Maybe you have seen the road signs that warn you about icy bridges, or maybe you’ve heard people talk about them. So, what’s the deal with icy bridges?
On cold, wet days, bridges freeze faster than roads. This is partly due to the fact that bridges are hollow underneath, causing them to lose heat from all sides. They have no way to trap heat. Roads only lose heat from the surface, because the core of the Earth heats them up from the inside out.
Many bridges are made of steel or concrete, which do not retain heat very well. Roads, which are usually made of asphalt, prevent heat loss.
The most dangerous part about icy bridges is the fact that they catch drivers by surprise. Drivers generally do not slow down when approaching bridges, so they end up speeding over the ice which can be disastrous.
Black ice refers to ice that covers a bridge or road. It is not actually black, but due to its transparency it appears black. Black ice generally forms from freezing rain, but can also form from snowfall and wind.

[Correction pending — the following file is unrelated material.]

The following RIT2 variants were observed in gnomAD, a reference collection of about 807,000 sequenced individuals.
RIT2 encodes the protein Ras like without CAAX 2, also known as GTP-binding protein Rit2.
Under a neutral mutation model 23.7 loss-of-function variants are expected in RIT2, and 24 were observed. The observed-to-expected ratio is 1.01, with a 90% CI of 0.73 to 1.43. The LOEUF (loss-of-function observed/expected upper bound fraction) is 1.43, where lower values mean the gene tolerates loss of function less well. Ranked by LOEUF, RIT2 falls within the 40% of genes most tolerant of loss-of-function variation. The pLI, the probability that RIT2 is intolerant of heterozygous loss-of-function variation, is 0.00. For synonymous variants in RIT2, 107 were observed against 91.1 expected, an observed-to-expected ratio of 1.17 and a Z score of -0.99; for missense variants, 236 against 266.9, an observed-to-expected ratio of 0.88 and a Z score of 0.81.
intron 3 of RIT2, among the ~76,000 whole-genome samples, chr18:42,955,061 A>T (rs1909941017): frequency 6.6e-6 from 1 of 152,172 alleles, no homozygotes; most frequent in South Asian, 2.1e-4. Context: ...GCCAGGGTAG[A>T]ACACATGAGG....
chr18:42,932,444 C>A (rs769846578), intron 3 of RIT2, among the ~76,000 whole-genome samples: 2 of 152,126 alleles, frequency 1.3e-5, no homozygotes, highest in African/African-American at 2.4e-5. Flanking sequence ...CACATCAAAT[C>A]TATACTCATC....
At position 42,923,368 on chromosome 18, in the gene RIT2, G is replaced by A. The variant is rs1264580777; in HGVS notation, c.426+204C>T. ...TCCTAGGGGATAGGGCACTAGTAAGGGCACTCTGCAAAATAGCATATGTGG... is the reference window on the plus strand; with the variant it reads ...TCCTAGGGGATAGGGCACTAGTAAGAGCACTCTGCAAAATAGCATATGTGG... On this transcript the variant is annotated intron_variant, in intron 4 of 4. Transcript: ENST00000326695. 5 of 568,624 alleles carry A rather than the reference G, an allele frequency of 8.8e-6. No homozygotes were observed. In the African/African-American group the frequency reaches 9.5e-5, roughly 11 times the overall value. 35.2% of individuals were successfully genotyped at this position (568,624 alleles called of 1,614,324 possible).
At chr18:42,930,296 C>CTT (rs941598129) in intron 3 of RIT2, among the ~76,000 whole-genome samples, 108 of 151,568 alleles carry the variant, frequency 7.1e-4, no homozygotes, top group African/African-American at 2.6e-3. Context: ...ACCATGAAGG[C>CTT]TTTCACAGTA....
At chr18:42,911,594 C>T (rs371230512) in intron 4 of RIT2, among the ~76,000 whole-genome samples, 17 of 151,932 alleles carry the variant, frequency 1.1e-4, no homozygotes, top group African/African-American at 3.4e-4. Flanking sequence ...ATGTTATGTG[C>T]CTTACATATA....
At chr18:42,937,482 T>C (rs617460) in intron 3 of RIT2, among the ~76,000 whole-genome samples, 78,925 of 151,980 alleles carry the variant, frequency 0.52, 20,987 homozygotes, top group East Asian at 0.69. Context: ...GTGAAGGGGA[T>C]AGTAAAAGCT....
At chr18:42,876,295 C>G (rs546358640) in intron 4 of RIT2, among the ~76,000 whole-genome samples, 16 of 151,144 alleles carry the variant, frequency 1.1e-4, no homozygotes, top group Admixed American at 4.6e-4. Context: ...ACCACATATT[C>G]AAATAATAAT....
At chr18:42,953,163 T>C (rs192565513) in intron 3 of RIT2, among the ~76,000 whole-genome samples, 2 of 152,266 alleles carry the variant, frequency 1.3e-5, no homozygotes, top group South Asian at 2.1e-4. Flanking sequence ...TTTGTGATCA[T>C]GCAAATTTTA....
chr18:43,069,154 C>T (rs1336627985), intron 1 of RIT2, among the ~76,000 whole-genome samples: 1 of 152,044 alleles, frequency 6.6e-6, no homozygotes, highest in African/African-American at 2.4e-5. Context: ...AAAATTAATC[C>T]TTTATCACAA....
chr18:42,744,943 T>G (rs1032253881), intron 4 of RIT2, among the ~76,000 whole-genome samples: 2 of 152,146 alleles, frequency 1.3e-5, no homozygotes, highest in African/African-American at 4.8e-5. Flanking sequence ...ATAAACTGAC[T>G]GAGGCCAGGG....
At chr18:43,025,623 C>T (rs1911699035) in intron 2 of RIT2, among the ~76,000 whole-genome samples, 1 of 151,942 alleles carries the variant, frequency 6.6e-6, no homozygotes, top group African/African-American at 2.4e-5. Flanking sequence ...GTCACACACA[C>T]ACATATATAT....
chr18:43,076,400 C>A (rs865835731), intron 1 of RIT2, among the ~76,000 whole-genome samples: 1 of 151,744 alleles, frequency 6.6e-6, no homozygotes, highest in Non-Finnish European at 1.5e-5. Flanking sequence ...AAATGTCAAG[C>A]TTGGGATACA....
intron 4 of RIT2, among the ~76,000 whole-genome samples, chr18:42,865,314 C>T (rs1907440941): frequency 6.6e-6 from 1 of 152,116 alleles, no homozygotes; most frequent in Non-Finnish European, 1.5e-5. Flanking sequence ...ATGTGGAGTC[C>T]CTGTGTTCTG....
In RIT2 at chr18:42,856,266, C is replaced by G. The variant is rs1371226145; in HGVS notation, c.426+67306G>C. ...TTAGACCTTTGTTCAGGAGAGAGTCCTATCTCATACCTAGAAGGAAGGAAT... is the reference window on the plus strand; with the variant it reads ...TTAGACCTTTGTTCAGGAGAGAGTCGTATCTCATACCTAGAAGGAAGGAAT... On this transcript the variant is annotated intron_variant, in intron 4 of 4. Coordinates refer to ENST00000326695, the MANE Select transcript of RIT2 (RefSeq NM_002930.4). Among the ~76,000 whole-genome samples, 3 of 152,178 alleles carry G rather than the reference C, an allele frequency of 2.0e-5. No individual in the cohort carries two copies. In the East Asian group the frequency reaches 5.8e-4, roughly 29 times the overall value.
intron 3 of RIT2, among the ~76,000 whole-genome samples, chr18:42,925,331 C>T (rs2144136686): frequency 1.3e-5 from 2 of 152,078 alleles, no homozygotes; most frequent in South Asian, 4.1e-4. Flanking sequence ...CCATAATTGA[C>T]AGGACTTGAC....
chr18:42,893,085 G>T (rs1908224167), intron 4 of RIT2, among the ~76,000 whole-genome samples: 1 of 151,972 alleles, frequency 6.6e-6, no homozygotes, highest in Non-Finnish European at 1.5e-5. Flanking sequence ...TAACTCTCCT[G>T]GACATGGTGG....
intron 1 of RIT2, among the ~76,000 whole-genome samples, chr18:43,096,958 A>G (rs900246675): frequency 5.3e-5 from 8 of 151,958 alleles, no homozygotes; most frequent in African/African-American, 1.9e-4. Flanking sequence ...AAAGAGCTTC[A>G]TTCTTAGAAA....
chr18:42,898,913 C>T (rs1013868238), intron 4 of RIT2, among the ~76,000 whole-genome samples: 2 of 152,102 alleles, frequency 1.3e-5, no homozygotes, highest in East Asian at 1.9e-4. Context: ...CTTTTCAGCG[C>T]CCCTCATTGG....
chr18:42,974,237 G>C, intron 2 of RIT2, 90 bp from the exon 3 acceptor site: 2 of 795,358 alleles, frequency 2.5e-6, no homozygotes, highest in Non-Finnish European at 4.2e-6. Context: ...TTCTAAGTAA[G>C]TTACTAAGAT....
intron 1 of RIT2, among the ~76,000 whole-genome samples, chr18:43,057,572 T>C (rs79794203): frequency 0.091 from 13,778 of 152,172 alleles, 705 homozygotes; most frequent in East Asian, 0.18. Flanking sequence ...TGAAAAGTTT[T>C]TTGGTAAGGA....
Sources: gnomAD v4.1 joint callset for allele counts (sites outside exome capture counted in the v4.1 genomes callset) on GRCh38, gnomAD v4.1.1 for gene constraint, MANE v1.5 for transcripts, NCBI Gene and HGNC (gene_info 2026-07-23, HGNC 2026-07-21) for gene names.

Although bridges may freeze and cause danger in Winter, there are ways to safely cross over them:
- Be aware of the weather and temperature. Any time there is precipitation and temperatures below freezing, ice is able to form on bridges. If ice has formed on your windshield, it is very likely that it has formed on bridges as well.
- Slow down when approaching the bridge, you will be less likely to lose control.
- Avoid accelerating, braking, or changing lanes as you pass over the bridge. Vehicle movements like this can cause your car to slide or spin or out of control.
- If you do have an accident on a bridge, don’t panic. As your vehicle slides, turn into the slide to regain control. Be aware of other vehicles around you, as there is a chance they may slide on the ice as well.
- Never exit your vehicle on an icy bridge, this puts you at risk for being hit by other cars.
Icy bridges are dangerous and can catch drivers off guard. Make sure to exercise these safety trips to make your winter drives safer and more pleasant!
For more information on how to drive in icy condition watch the video below:
Georgia Gintowt, Author